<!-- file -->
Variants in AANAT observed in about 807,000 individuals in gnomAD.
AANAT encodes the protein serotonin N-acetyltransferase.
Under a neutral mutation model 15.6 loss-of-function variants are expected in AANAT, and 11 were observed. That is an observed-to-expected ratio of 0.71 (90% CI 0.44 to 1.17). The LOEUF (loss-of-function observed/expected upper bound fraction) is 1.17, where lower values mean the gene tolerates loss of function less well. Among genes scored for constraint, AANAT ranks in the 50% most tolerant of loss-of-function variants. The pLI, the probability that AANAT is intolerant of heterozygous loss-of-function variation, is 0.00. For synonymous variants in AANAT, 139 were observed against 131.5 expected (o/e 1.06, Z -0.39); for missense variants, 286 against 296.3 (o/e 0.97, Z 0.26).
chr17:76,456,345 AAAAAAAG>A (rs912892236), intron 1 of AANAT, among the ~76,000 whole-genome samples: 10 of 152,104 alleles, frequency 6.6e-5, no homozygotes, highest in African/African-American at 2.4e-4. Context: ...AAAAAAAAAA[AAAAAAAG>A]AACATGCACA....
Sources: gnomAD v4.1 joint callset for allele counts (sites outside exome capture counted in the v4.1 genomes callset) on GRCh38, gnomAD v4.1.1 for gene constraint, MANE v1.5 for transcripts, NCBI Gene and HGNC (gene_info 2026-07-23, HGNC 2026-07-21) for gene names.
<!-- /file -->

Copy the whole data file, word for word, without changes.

Variants in AANAT observed in about 807,000 individuals in gnomAD.
AANAT encodes the protein serotonin N-acetyltransferase.
Under a neutral mutation model 15.6 loss-of-function variants are expected in AANAT, and 11 were observed. That is an observed-to-expected ratio of 0.71 (90% CI 0.44 to 1.17). The LOEUF (loss-of-function observed/expected upper bound fraction) is 1.17, where lower values mean the gene tolerates loss of function less well. Among genes scored for constraint, AANAT ranks in the 50% most tolerant of loss-of-function variants. The pLI, the probability that AANAT is intolerant of heterozygous loss-of-function variation, is 0.00. For synonymous variants in AANAT, 139 were observed against 131.5 expected (o/e 1.06, Z -0.39); for missense variants, 286 against 296.3 (o/e 0.97, Z 0.26).
chr17:76,456,345 AAAAAAAG>A (rs912892236), intron 1 of AANAT, among the ~76,000 whole-genome samples: 10 of 152,104 alleles, frequency 6.6e-5, no homozygotes, highest in African/African-American at 2.4e-4. Context: ...AAAAAAAAAA[AAAAAAAG>A]AACATGCACA....
Sources: gnomAD v4.1 joint callset for allele counts (sites outside exome capture counted in the v4.1 genomes callset) on GRCh38, gnomAD v4.1.1 for gene constraint, MANE v1.5 for transcripts, NCBI Gene and HGNC (gene_info 2026-07-23, HGNC 2026-07-21) for gene names.